Brandon Wolf says that Florida Governor Ron DeSantis, a Republican, made him a promise when he visited Orlando’s Pulse nightclub, where Wolf survived a shooting that killed 49 and injured dozens of others.
“He looked me in the eyes and told me that he would always support those of us who had been impacted by the shooting,” Wolf told The Washington Post of their 2019 meeting.
So Wolf said he felt betrayed when DeSantis used a line-item veto this week to nix $150,000 that would have funded a program offering mental health services for Pulse survivors and their families at an Orlando LGBTQ+ center.
“I had hope that [meeting] was the beginning of a new kind of relationship with the governor’s mansion,” Wolf told The Post. “But it turns out two years later that it was a lie.”
LGBTQ+ activists and Democrats have taken aim this week at DeSantis over the cut, which came on the second day of Pride Month and days before the shooting’s fifth anniversary, despite a budget reserve of $9.5 million. Coupled with other cuts aimed at LGBTQ+ programs and DeSantis’s decision earlier this week to sign a bill barring transgender female athletes from participating in high school and college sports, critics described his moves as an “attack” on the community.
“VETOING funding for @pulseorlando survivors days before the 5 year remembrance is heartless. VETOING funds for LGBTQ homeless youth is indefensible,” tweeted state Representative Carlos G. Smith, a Democrat, the state’s first openly gay Latino legislator. “During #Pride2021 following your attack on trans youth? @GovRonDeSantis what did LGBTQ people do to you to earn your contempt?”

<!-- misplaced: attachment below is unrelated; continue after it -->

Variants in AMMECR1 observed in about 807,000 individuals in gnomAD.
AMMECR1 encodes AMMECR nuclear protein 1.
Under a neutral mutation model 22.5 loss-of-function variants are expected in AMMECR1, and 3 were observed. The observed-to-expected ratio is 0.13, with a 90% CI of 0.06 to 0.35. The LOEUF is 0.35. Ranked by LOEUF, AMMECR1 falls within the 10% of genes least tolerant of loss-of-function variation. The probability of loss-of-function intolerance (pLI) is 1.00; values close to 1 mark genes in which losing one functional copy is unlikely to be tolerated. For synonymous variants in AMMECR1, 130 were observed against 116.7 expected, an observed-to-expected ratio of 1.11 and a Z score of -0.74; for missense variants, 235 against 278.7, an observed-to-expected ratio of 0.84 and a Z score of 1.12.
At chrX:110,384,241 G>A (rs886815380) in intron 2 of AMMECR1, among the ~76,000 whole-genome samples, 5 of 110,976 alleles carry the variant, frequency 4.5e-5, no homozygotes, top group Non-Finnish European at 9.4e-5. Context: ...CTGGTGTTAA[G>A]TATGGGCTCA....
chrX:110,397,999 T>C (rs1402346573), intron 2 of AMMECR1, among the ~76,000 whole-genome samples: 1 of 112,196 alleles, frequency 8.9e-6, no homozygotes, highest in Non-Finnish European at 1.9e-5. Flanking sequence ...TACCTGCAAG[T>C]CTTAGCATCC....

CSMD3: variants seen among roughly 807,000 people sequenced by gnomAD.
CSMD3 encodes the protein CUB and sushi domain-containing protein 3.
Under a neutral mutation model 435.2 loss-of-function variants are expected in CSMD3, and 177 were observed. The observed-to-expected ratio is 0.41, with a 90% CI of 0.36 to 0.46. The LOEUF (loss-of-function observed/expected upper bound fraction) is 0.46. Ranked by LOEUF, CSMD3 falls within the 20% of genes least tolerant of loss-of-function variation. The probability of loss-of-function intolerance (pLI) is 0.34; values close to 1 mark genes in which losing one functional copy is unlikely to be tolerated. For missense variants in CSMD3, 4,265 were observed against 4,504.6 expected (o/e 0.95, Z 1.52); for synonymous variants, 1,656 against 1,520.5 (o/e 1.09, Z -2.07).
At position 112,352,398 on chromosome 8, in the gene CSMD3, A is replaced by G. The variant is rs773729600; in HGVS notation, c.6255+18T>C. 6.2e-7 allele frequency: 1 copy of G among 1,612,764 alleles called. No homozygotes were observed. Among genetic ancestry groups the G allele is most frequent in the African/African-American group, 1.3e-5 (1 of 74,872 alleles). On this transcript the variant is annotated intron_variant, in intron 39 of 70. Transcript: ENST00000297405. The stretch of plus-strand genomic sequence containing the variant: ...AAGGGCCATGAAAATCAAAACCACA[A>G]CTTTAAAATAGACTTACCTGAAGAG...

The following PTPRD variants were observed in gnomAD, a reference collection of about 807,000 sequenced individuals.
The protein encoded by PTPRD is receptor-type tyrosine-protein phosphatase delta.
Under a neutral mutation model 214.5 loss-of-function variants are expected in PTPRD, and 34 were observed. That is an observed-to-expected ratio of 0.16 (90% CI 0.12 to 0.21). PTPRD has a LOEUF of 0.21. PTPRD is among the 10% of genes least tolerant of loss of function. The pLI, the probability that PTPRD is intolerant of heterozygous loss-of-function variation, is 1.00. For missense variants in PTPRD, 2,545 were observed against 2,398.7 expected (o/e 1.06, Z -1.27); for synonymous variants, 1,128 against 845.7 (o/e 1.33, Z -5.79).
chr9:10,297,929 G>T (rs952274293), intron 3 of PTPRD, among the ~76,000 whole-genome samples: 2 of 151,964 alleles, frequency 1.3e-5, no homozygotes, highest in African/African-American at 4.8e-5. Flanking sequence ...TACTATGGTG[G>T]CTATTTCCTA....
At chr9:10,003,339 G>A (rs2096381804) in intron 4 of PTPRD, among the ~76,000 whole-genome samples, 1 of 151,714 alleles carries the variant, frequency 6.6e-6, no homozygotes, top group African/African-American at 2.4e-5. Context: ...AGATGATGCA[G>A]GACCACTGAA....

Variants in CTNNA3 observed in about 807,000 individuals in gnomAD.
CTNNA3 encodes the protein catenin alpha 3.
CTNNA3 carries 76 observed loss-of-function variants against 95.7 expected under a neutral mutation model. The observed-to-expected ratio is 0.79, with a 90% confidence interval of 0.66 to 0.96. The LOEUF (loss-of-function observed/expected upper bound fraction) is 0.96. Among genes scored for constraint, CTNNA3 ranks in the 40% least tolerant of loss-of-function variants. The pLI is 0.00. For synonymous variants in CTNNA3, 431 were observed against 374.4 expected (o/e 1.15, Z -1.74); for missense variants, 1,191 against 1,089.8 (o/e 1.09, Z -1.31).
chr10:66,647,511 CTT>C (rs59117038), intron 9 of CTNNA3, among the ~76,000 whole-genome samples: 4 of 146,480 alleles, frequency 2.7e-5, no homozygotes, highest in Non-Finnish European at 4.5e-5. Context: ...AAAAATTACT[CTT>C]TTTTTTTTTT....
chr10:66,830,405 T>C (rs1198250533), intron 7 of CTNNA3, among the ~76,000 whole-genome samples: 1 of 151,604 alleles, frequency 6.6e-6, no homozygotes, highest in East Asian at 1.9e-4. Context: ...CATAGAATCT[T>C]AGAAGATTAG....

DeSantis’ office, though, has pushed back on the criticism by pointing out that the state’s budget increased overall funding to community mental health services by $212 million, calling claims that his vetoes would hurt Pulse survivors “patently false.”
“Governor DeSantis has been a champion on mental health since day one — and he absolutely supports each and every Floridian who has experienced such horrific trauma, which has a lifelong impact on survivors,” Christina Pushaw, DeSantis’s spokeswoman, told the Orlando Sentinel.
But staff at The LGBT+ Center Orlando, which lost the $150,000 in state funding, said the governor’s veto would definitively hurt Pulse survivors and other LGBTQ+ residents in the area.
Joél Morales, director of operations with the center, said that earlier this year, the center took over a counseling services program offered to Pulse survivors and the families of those killed. A federal grant had previously paid for similar services in the state, but it ended in 2019. Without state funding, the center can’t afford to keep running the program, which currently serves 68 families and survivors.
“We only requested $150,000, which is the bare minimum to just sustain the program as it is,” Morales told The Post. “It was a slap in the face. I bawled just because of all the hard work our community is doing and the healing that still needs to be done.”
In addition to vetoing the Center Orlando’s funding on Wednesday, DeSantis also cut $750,000 of state funding which would have gone to the Orlando-based Zebra Coalition, a group that plans to convert part of an unused hotel into housing for homeless LGBTQ+ youth.
The backlash to DeSantis’s vetoes was swift from Democrats in the state legislature.
“It’s 100 percent political and there was no shortage of money this legislative session — especially when all we asked for was $150,000 out of a $101 billion dollar budget,” tweeted Representative Anna V. Eskamani, Democrat of Florida.
Although DeSantis has pointed to the more than $200 million added to community mental health services statewide in his budget, Wolf and Morales said there’s no guarantee those programs will impact Pulse survivors the way the already existing program at the Center Orlando did.
“You have said that there’s other money,” Wolf told The Post. “How much of it is going to these survivors? They have not been able to answer that question. It’s shameful.”